Foreign Affairs has an article by Columbia professor Charles Calomiris and Stanford Professor Stephen Haber on banking regulation:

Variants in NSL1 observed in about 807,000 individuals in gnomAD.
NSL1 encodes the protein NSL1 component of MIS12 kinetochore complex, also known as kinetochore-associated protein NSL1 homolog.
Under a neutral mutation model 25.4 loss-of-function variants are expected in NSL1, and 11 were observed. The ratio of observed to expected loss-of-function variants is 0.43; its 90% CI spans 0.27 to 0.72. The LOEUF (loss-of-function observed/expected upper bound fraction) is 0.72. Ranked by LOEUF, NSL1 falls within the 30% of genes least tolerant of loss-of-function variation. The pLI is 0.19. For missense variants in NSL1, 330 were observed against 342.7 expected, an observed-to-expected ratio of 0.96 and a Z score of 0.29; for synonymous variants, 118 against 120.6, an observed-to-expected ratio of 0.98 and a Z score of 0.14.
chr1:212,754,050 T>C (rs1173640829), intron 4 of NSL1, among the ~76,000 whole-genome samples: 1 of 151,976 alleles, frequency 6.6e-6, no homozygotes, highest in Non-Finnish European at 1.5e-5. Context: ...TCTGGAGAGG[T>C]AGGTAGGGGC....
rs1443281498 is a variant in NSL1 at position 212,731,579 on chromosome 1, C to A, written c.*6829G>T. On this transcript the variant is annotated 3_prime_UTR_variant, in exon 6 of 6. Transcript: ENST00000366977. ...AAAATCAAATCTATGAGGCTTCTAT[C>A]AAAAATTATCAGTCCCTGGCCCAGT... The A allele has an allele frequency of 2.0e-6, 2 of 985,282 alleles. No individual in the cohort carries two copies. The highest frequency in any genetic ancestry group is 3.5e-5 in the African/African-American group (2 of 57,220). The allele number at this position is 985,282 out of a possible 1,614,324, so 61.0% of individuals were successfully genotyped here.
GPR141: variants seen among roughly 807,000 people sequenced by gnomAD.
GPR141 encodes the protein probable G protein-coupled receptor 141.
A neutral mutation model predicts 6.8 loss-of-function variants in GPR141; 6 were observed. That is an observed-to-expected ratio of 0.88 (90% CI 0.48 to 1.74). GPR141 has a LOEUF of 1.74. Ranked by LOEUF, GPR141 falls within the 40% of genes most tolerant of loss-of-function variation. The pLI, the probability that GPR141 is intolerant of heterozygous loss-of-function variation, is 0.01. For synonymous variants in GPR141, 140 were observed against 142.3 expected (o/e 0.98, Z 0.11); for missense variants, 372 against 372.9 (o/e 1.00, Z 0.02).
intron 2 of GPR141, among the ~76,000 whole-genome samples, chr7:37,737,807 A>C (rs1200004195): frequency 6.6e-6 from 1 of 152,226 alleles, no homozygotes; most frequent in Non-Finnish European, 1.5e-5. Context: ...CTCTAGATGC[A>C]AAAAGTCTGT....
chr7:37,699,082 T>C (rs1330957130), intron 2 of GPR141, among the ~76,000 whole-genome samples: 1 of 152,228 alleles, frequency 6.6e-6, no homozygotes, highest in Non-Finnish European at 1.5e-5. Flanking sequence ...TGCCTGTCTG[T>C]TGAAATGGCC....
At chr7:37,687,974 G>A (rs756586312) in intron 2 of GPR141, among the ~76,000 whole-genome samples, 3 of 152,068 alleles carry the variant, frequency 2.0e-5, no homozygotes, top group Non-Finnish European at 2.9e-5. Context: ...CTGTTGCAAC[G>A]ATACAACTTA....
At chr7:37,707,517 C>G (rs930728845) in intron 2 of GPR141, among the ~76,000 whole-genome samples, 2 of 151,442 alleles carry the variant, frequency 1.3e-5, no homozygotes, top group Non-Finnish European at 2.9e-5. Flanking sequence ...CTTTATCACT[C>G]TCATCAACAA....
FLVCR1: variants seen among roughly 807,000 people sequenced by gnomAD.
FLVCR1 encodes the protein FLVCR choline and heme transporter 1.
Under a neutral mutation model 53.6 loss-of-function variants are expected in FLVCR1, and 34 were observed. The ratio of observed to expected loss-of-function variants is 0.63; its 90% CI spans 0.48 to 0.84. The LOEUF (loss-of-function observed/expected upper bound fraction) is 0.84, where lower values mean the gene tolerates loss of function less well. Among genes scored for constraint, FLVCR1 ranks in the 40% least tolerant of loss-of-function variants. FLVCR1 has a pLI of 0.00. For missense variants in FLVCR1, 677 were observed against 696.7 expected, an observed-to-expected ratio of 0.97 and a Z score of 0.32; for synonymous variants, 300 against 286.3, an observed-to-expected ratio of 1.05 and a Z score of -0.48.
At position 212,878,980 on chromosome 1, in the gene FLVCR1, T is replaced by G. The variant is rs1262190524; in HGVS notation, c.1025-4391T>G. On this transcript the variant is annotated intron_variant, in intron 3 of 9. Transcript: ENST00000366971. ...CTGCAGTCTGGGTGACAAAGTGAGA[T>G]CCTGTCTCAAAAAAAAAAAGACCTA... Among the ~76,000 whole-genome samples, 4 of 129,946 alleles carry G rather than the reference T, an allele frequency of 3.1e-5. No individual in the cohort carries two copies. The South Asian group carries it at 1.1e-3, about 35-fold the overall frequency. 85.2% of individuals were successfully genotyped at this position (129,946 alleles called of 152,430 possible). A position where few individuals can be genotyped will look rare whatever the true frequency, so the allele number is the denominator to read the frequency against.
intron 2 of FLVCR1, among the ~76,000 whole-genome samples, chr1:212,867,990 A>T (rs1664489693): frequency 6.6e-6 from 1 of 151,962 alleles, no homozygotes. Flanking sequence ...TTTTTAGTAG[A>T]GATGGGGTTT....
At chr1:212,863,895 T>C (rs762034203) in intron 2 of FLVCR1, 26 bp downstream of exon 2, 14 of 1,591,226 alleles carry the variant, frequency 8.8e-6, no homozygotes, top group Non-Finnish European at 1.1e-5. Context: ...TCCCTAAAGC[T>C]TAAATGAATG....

In this new American Game of Bank Bargains, populism continued to play a central role in determining the allocation of credit and profit. However, by the late twentieth century, the center of populist power had shifted from rural areas to big cities. In 1977, Congress passed the Community Reinvestment Act to ensure that banks were responsive to the needs of the communities they served. The CRA required banks that wanted to merge with or acquire other banks to demonstrate that responsiveness to federal regulators; the requirements were later strengthened by the Clinton administration, increasing the burden on banks to prove that they were good corporate citizens. This provided a source of leverage for urban activist organizations such as the Neighborhood Assistance Corporation of America, the Greenlining Institute, and the Association of Community Organizations for Reform Now, known as ACORN, which defined themselves as advocates for low-income, urban, and minority communities. Such groups could block or delay a merger by claiming that the banks were not in compliance with their responsibilities; they could also smooth the merger-approval process by publicly supporting the banks. Thus, banks seeking to become nationwide enterprises formed unlikely alliances with such organizations. In exchange for the activists' support, banks committed to transfer funds to these organizations and to make loans to borrowers identified by them. From 1992 to 2007, the loans that resulted from these arrangements totaled $850 billion. From the point of view of an ambitious banker who was seeking to create a megabank of national scope, making such loans, which represented risks that the banks might not otherwise have taken, was simply part of the cost of doing business.